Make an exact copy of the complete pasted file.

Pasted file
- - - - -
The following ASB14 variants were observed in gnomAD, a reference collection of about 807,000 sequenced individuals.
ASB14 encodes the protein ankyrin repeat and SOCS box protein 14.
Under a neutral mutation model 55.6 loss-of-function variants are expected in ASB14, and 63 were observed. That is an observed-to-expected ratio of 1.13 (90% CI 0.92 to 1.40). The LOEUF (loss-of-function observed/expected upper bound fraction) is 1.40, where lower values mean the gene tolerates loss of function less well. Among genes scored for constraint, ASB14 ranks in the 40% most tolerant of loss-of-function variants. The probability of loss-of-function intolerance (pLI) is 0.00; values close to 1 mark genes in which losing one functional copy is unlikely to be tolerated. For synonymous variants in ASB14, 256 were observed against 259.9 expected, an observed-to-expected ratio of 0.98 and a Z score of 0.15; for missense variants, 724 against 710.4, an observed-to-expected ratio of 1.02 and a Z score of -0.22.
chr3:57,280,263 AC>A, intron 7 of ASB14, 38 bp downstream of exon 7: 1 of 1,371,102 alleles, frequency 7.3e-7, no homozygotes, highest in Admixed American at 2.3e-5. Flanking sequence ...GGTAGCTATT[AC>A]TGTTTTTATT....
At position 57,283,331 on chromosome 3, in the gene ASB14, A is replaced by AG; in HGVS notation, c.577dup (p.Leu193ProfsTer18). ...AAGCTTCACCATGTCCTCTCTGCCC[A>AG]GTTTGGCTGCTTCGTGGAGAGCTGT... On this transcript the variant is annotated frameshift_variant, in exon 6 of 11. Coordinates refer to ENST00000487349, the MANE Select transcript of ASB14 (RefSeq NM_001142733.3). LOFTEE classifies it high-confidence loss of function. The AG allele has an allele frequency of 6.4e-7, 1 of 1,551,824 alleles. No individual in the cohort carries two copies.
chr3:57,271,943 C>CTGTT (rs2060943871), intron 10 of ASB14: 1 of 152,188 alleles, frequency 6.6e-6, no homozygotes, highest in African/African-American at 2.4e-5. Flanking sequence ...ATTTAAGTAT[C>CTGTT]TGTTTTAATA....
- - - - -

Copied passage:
The following ASB14 variants were observed in gnomAD, a reference collection of about 807,000 sequenced individuals.
ASB14 encodes the protein ankyrin repeat and SOCS box protein 14.
Under a neutral mutation model 55.6 loss-of-function variants are expected in ASB14, and 63 were observed. That is an observed-to-expected ratio of 1.13 (90% CI 0.92 to 1.40). The LOEUF (loss-of-function observed/expected upper bound fraction) is 1.40, where lower values mean the gene tolerates loss of function less well. Among genes scored for constraint, ASB14 ranks in the 40% most tolerant of loss-of-function variants. The probability of loss-of-function intolerance (pLI) is 0.00; values close to 1 mark genes in which losing one functional copy is unlikely to be tolerated. For synonymous variants in ASB14, 256 were observed against 259.9 expected, an observed-to-expected ratio of 0.98 and a Z score of 0.15; for missense variants, 724 against 710.4, an observed-to-expected ratio of 1.02 and a Z score of -0.22.
chr3:57,280,263 AC>A, intron 7 of ASB14, 38 bp downstream of exon 7: 1 of 1,371,102 alleles, frequency 7.3e-7, no homozygotes, highest in Admixed American at 2.3e-5. Flanking sequence ...GGTAGCTATT[AC>A]TGTTTTTATT....
At position 57,283,331 on chromosome 3, in the gene ASB14, A is replaced by AG; in HGVS notation, c.577dup (p.Leu193ProfsTer18). ...AAGCTTCACCATGTCCTCTCTGCCC[A>AG]GTTTGGCTGCTTCGTGGAGAGCTGT... On this transcript the variant is annotated frameshift_variant, in exon 6 of 11. Coordinates refer to ENST00000487349, the MANE Select transcript of ASB14 (RefSeq NM_001142733.3). LOFTEE classifies it high-confidence loss of function. The AG allele has an allele frequency of 6.4e-7, 1 of 1,551,824 alleles. No individual in the cohort carries two copies.
chr3:57,271,943 C>CTGTT (rs2060943871), intron 10 of ASB14: 1 of 152,188 alleles, frequency 6.6e-6, no homozygotes, highest in African/African-American at 2.4e-5. Flanking sequence ...ATTTAAGTAT[C>CTGTT]TGTTTTAATA....